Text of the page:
Hilchos Choshen Mishpat
Volume III : Number 11
Distribution Of Maaser Funds
Which Mitzvos may be performed with Maaser funds?
- The Mitzvah of separating Maaser from one's income was instituted to
benefit and support Torah scholars so that they may study with peace of
mind. It was also instituted for the support of other impoverished Jews.
However, the custom today is to use Maaser funds for other Mitzvah
causes, as long as the person distributing the money does not have a
Halachic obligation to perform that Mitzvah. (1)
If a person wishes to use Maaser funds for causes other than support of
Torah scholars and the poor, it is preferable that he make a stipulation
before separating his Maaser that he is doing so on condition that it may
be used for the other causes also. If a person did not do so, he may
still rely on the lenient opinions that Maaser funds may be used for
other causes also.
- Even if someone has made this stipulation that he will be using Maaser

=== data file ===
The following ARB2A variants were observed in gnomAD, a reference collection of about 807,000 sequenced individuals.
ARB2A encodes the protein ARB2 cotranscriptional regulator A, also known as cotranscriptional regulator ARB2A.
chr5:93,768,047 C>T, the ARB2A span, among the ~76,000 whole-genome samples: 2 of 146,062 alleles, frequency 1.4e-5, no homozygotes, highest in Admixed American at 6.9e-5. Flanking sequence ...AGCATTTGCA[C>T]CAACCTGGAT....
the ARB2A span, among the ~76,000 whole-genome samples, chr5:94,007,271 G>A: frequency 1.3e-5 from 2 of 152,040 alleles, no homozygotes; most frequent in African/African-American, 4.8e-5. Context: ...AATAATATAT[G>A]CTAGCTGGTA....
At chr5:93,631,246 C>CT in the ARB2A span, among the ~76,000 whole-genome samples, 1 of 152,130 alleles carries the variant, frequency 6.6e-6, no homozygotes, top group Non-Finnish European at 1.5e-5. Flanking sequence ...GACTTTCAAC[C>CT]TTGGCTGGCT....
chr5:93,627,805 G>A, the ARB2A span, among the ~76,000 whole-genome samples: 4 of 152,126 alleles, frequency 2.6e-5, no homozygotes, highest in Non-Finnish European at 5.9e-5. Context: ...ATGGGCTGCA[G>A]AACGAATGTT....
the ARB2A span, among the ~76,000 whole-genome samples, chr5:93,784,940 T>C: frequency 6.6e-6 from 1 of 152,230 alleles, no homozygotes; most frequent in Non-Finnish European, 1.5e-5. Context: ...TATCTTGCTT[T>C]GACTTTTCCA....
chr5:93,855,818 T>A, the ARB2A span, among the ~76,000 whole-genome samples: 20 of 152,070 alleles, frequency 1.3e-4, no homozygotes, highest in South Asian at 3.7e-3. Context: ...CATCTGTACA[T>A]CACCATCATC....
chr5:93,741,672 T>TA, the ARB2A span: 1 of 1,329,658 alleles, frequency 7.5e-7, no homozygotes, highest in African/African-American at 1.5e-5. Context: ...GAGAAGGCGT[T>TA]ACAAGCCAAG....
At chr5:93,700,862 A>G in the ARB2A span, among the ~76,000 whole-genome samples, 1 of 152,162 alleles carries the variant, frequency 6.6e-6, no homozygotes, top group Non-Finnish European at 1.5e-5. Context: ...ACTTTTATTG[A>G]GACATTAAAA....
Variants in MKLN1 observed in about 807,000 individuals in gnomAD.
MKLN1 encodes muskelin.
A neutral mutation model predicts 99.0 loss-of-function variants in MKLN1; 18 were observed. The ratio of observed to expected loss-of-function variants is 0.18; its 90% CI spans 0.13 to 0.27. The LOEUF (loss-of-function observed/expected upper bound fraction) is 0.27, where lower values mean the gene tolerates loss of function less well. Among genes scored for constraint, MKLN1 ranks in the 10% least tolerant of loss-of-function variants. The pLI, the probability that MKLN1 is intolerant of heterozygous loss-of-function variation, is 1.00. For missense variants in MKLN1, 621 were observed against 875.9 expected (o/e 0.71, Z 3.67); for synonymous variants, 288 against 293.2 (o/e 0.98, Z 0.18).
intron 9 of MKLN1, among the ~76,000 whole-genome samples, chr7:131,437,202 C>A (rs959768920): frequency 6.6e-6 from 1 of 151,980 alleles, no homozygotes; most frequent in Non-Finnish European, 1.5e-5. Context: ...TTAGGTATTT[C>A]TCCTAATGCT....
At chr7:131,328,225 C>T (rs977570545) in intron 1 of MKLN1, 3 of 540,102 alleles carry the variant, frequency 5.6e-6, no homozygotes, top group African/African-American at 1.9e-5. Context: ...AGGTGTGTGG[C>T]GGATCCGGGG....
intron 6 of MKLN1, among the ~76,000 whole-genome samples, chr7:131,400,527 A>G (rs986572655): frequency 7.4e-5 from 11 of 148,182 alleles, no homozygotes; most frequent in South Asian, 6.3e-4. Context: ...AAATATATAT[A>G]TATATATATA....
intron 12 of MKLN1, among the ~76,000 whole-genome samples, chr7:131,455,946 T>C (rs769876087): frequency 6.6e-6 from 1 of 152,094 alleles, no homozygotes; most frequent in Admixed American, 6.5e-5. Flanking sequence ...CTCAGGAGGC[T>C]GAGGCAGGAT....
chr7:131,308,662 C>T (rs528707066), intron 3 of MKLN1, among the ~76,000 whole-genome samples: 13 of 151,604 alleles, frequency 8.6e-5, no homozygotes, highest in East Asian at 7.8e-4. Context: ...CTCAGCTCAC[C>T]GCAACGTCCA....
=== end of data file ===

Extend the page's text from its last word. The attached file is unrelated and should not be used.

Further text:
funds for other causes, he may not use them to perform Mitzvos that he is
personally obligated to perform. For example, Maaser funds may not be
used to acquire Tefillin, Lulav and Esrog, or to purchase food for
Shabbos for himself. However, a person may use Maaser funds to "purchase"
an Aliyah to the Torah in the synagogue, to donate furnishings for the
synagogue, or to build an Eruv or Mikvah in his community, even though
these funds are being used for the community and not for the poor.
However, this is only if at the time that he pledged the money he
intended to pay for his pledge with Maaser funds. If he intended to use
personal funds, it would not be permitted for him to pay this pledge at
the "expense" of his Maaser account.
If a person always uses Maaser funds to pay his pledges, it is considered
as if he expressly had intention to do so at the time of the pledge.
- If a person hires a poor worker to do work for him, or if he purchases
something at a sale which advertises that all "profits will go to
charity", he may not use Maaser funds to pay for the work or the item,
even though he could have hired someone else. However, if he paid more
for the work or the item than the market rate because he knew the
proceeds were going to benefit Tzedakah, he may use Maaser funds for the